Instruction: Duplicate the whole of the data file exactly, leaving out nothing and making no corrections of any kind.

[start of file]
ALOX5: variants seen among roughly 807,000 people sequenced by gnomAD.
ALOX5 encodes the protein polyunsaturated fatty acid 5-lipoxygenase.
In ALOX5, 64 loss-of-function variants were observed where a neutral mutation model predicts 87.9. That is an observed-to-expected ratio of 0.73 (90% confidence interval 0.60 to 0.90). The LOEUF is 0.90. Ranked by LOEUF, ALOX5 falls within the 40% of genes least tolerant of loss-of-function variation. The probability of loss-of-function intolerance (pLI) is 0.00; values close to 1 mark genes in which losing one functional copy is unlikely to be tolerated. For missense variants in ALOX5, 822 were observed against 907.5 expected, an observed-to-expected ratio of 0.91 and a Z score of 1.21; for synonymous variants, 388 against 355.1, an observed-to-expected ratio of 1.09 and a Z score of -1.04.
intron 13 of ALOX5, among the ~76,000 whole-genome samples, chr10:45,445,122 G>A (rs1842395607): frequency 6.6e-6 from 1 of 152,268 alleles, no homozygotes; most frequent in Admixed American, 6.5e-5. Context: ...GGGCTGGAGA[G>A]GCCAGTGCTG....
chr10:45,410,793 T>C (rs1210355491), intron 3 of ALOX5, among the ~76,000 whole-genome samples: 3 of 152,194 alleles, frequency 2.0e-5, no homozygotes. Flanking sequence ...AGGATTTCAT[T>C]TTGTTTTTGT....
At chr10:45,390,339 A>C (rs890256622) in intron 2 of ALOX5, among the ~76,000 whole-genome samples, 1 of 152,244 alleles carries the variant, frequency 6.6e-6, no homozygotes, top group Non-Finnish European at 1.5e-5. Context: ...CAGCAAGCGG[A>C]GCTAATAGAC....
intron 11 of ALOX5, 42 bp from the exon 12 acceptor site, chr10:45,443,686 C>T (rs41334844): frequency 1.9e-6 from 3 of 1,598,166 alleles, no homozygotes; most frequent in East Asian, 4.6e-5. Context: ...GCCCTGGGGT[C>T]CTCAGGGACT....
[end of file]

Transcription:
ALOX5: variants seen among roughly 807,000 people sequenced by gnomAD.
ALOX5 encodes the protein polyunsaturated fatty acid 5-lipoxygenase.
In ALOX5, 64 loss-of-function variants were observed where a neutral mutation model predicts 87.9. That is an observed-to-expected ratio of 0.73 (90% confidence interval 0.60 to 0.90). The LOEUF is 0.90. Ranked by LOEUF, ALOX5 falls within the 40% of genes least tolerant of loss-of-function variation. The probability of loss-of-function intolerance (pLI) is 0.00; values close to 1 mark genes in which losing one functional copy is unlikely to be tolerated. For missense variants in ALOX5, 822 were observed against 907.5 expected, an observed-to-expected ratio of 0.91 and a Z score of 1.21; for synonymous variants, 388 against 355.1, an observed-to-expected ratio of 1.09 and a Z score of -1.04.
intron 13 of ALOX5, among the ~76,000 whole-genome samples, chr10:45,445,122 G>A (rs1842395607): frequency 6.6e-6 from 1 of 152,268 alleles, no homozygotes; most frequent in Admixed American, 6.5e-5. Context: ...GGGCTGGAGA[G>A]GCCAGTGCTG....
chr10:45,410,793 T>C (rs1210355491), intron 3 of ALOX5, among the ~76,000 whole-genome samples: 3 of 152,194 alleles, frequency 2.0e-5, no homozygotes. Flanking sequence ...AGGATTTCAT[T>C]TTGTTTTTGT....
At chr10:45,390,339 A>C (rs890256622) in intron 2 of ALOX5, among the ~76,000 whole-genome samples, 1 of 152,244 alleles carries the variant, frequency 6.6e-6, no homozygotes, top group Non-Finnish European at 1.5e-5. Context: ...CAGCAAGCGG[A>C]GCTAATAGAC....
intron 11 of ALOX5, 42 bp from the exon 12 acceptor site, chr10:45,443,686 C>T (rs41334844): frequency 1.9e-6 from 3 of 1,598,166 alleles, no homozygotes; most frequent in East Asian, 4.6e-5. Context: ...GCCCTGGGGT[C>T]CTCAGGGACT....